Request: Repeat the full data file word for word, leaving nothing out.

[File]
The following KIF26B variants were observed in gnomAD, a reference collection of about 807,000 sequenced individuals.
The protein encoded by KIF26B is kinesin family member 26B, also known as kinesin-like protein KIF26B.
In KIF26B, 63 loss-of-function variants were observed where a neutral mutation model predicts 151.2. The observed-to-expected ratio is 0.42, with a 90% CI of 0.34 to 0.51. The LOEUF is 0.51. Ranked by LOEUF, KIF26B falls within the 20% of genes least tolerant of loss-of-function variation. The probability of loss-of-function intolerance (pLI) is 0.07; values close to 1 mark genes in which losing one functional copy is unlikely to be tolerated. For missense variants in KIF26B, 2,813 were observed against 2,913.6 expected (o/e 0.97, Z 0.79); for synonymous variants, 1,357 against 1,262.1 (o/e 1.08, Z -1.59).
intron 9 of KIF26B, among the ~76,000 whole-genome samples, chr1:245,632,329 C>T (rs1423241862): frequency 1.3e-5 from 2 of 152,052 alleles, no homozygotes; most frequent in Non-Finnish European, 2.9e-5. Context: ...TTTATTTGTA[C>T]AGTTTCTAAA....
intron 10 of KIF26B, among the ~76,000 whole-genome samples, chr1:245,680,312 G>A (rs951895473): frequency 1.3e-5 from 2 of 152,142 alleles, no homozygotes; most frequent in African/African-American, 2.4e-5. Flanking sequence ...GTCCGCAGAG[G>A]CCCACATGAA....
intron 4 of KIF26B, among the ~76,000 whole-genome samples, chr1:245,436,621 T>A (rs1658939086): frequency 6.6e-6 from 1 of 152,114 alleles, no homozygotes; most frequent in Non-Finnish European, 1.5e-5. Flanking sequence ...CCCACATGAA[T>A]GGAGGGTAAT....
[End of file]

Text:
The following KIF26B variants were observed in gnomAD, a reference collection of about 807,000 sequenced individuals.
The protein encoded by KIF26B is kinesin family member 26B, also known as kinesin-like protein KIF26B.
In KIF26B, 63 loss-of-function variants were observed where a neutral mutation model predicts 151.2. The observed-to-expected ratio is 0.42, with a 90% CI of 0.34 to 0.51. The LOEUF is 0.51. Ranked by LOEUF, KIF26B falls within the 20% of genes least tolerant of loss-of-function variation. The probability of loss-of-function intolerance (pLI) is 0.07; values close to 1 mark genes in which losing one functional copy is unlikely to be tolerated. For missense variants in KIF26B, 2,813 were observed against 2,913.6 expected (o/e 0.97, Z 0.79); for synonymous variants, 1,357 against 1,262.1 (o/e 1.08, Z -1.59).
intron 9 of KIF26B, among the ~76,000 whole-genome samples, chr1:245,632,329 C>T (rs1423241862): frequency 1.3e-5 from 2 of 152,052 alleles, no homozygotes; most frequent in Non-Finnish European, 2.9e-5. Context: ...TTTATTTGTA[C>T]AGTTTCTAAA....
intron 10 of KIF26B, among the ~76,000 whole-genome samples, chr1:245,680,312 G>A (rs951895473): frequency 1.3e-5 from 2 of 152,142 alleles, no homozygotes; most frequent in African/African-American, 2.4e-5. Flanking sequence ...GTCCGCAGAG[G>A]CCCACATGAA....
intron 4 of KIF26B, among the ~76,000 whole-genome samples, chr1:245,436,621 T>A (rs1658939086): frequency 6.6e-6 from 1 of 152,114 alleles, no homozygotes; most frequent in Non-Finnish European, 1.5e-5. Flanking sequence ...CCCACATGAA[T>A]GGAGGGTAAT....